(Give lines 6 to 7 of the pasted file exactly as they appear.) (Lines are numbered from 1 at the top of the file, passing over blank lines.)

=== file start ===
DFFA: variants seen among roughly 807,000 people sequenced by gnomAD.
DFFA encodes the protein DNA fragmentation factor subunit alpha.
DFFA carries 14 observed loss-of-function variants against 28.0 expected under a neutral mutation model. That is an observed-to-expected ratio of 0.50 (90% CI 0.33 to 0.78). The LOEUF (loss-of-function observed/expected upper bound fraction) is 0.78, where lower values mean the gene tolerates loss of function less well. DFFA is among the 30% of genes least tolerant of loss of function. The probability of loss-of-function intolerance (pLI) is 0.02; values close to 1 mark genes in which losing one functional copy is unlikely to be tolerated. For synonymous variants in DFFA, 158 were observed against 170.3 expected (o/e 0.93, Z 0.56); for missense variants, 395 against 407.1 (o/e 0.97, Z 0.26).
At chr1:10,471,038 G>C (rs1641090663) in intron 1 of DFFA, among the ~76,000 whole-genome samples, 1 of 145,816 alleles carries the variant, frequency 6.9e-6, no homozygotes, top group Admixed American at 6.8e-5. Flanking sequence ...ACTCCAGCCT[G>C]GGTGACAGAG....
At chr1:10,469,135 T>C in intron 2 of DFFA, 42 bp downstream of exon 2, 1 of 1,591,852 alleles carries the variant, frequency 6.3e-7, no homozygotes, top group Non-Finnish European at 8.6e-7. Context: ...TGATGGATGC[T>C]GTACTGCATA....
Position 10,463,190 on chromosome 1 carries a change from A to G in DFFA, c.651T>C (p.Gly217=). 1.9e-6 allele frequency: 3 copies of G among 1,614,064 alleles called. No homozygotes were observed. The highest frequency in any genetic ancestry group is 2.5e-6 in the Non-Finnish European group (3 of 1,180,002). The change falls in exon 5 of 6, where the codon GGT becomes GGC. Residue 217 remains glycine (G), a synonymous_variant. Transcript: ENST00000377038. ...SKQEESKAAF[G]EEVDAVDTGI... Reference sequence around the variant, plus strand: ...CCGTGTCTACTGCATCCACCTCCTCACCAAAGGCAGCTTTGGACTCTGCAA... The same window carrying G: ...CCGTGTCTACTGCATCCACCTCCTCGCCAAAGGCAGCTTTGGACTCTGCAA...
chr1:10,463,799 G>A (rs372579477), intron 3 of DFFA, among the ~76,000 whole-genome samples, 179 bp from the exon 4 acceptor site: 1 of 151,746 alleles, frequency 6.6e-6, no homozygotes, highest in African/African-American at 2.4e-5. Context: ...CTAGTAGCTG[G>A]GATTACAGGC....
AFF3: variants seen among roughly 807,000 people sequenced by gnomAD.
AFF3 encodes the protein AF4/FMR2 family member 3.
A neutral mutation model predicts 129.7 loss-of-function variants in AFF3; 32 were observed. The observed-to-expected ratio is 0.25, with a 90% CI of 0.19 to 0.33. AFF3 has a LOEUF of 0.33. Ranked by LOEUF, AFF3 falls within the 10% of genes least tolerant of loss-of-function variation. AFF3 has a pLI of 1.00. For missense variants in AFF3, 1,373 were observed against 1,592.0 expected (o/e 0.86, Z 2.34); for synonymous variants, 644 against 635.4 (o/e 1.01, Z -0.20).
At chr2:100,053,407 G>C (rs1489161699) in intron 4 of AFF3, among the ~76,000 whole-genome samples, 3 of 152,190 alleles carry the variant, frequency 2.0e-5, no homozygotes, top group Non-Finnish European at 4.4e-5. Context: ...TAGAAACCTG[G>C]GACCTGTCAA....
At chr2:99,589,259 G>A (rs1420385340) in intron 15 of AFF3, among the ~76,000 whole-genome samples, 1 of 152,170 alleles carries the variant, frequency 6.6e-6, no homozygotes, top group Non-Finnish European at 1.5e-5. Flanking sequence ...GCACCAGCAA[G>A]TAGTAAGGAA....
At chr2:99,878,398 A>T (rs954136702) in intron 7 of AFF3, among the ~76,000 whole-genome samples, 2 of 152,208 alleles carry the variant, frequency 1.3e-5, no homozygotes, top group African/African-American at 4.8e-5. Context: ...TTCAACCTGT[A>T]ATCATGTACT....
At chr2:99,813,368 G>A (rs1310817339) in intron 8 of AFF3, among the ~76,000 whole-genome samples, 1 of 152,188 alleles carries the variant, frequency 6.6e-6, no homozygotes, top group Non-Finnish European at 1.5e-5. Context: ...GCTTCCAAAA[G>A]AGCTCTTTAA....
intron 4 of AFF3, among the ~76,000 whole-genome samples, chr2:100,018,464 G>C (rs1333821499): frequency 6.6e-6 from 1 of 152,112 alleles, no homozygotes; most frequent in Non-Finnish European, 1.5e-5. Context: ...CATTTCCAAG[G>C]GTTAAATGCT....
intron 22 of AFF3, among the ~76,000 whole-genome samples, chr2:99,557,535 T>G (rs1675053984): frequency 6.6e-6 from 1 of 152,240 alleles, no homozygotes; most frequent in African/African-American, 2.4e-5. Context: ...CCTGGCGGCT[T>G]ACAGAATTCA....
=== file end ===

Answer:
Position 10,463,190 on chromosome 1 carries a change from A to G in DFFA, c.651T>C (p.Gly217=). 1.9e-6 allele frequency: 3 copies of G among 1,614,064 alleles called. No homozygotes were observed. The highest frequency in any genetic ancestry group is 2.5e-6 in the Non-Finnish European group (3 of 1,180,002). The change falls in exon 5 of 6, where the codon GGT becomes GGC. Residue 217 remains glycine (G), a synonymous_variant. Transcript: ENST00000377038. ...SKQEESKAAF[G]EEVDAVDTGI... Reference sequence around the variant, plus strand: ...CCGTGTCTACTGCATCCACCTCCTCACCAAAGGCAGCTTTGGACTCTGCAA... The same window carrying G: ...CCGTGTCTACTGCATCCACCTCCTCGCCAAAGGCAGCTTTGGACTCTGCAA...
chr1:10,463,799 G>A (rs372579477), intron 3 of DFFA, among the ~76,000 whole-genome samples, 179 bp from the exon 4 acceptor site: 1 of 151,746 alleles, frequency 6.6e-6, no homozygotes, highest in African/African-American at 2.4e-5. Context: ...CTAGTAGCTG[G>A]GATTACAGGC....